Friday, April 06, 2018
In eighth grade I took Latin and happily switched to Spanish for my two-year high school graduation requirement.
As a bride we were stationed in Stuttgart Germany. I immediately enrolled in a three-week intensive course that left me functional on the economy, as soldiers referred to anything off base.
At university I took French. Our professor was a story teller. In two years we covered ten pages, and I definitely knew how to tell people that Paris was located on the Seine in French, should anyone ask.
No one has.
After three semesters I went into an advanced modern French drama course. Thanks to a girl friend I was able to do word for word translations on her notes and on the readings.
It went fine until the test.
"What are you doing in this class?" the teacher asked. I didn't want to say I couldn't face another hour with the my former idiot French professor who was her friend. I said, I was fascinated with modern French drama. She let me write in English and I got an A for knowledge. She told me not to take French again.
I also took a directed studio on Goethe although I'd forgotten much of my German.
There was no need for languages for a decade or two when I moved to Switzerland working for an anglophone company with anglophone clients. I wanted to be able to function outside the closed English environment.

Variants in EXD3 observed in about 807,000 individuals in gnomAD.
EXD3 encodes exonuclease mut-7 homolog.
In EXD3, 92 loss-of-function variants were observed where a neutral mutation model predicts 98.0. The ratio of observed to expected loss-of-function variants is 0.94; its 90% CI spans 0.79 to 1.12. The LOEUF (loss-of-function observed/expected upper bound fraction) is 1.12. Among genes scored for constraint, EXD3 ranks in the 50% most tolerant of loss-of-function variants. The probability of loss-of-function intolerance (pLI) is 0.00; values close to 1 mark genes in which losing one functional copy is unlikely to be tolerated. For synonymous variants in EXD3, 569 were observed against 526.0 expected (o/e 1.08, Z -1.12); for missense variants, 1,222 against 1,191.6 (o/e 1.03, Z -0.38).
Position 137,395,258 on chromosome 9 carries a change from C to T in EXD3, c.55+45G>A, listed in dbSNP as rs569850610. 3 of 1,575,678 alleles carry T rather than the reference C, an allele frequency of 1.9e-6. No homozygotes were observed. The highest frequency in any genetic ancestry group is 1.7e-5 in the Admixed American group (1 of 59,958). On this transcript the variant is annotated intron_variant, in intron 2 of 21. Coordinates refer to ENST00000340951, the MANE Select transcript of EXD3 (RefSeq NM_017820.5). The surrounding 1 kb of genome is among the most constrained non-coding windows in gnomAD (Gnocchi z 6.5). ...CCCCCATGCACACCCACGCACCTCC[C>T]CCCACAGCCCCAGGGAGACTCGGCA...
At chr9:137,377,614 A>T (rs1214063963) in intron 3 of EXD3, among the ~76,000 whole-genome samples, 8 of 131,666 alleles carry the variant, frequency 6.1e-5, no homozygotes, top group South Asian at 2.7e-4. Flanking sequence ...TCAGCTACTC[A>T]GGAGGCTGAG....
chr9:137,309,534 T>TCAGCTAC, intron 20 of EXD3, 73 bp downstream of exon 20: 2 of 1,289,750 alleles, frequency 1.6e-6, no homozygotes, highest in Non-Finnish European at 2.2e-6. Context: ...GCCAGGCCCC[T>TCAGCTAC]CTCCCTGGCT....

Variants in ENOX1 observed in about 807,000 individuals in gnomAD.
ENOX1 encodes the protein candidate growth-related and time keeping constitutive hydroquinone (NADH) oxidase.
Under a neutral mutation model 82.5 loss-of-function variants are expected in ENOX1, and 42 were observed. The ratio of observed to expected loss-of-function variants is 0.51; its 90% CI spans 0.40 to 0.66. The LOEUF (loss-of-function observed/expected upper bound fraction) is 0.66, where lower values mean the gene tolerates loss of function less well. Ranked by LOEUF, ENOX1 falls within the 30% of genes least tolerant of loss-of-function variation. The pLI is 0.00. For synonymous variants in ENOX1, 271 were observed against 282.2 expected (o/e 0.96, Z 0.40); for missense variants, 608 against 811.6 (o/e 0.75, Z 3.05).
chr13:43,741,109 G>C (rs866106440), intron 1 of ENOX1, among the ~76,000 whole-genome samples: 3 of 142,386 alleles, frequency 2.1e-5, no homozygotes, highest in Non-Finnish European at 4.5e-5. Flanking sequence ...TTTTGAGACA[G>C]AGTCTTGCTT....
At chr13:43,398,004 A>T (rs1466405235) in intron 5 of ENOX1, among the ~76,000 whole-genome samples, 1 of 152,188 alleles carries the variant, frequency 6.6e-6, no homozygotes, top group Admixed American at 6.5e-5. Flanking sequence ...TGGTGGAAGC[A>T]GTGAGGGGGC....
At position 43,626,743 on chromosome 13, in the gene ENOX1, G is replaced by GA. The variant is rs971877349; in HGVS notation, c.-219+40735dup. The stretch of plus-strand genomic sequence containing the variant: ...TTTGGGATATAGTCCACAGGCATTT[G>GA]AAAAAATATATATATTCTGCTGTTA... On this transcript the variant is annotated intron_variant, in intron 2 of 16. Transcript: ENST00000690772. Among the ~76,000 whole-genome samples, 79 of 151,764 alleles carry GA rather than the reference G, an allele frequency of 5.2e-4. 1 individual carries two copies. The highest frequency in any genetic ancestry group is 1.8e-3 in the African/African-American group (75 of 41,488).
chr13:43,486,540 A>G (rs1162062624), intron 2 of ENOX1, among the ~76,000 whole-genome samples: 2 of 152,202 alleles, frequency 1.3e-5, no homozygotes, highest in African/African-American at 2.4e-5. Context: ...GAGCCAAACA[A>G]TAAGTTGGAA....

My boss said I was too told to learn French.
I proved him wrong becoming competent enough to gain my Swiss nationality and have non-English speaking friends. I can read books and articles. Depending on the accent (anything but something from Marseilles) I can understand spoken French.
For 14 years I dated a Swiss man who spoke no English. When my daughter was with us, they spoke German, he and I spoke French, and she spoke and I spoke French. When his daughter-in-law with us, Spanish might be added to the mix.
I still dread speaking French on the telephone. Some say I speak French with a Boston accent, and a standard expression is "Ce n'st pas votre faute, c'est mon accent" when people don't understand my accent. It isn't their fault.
As for my German when I went to Bern for radiation, I dreaded that I'd have to speak Swiss German with the doctor. Turns out, he was one of those people fluent in seven languages and I suspect told a good joke in all, although he entertained me only in French and English.
Lately I've been trying to bring back my German working with tapes. Much is coming back. It is more of a problem to find the time to do it.
If I have another life after this one, I want to be born into a multi-lingual family.
Posted by DL NELSON at 7:18 AM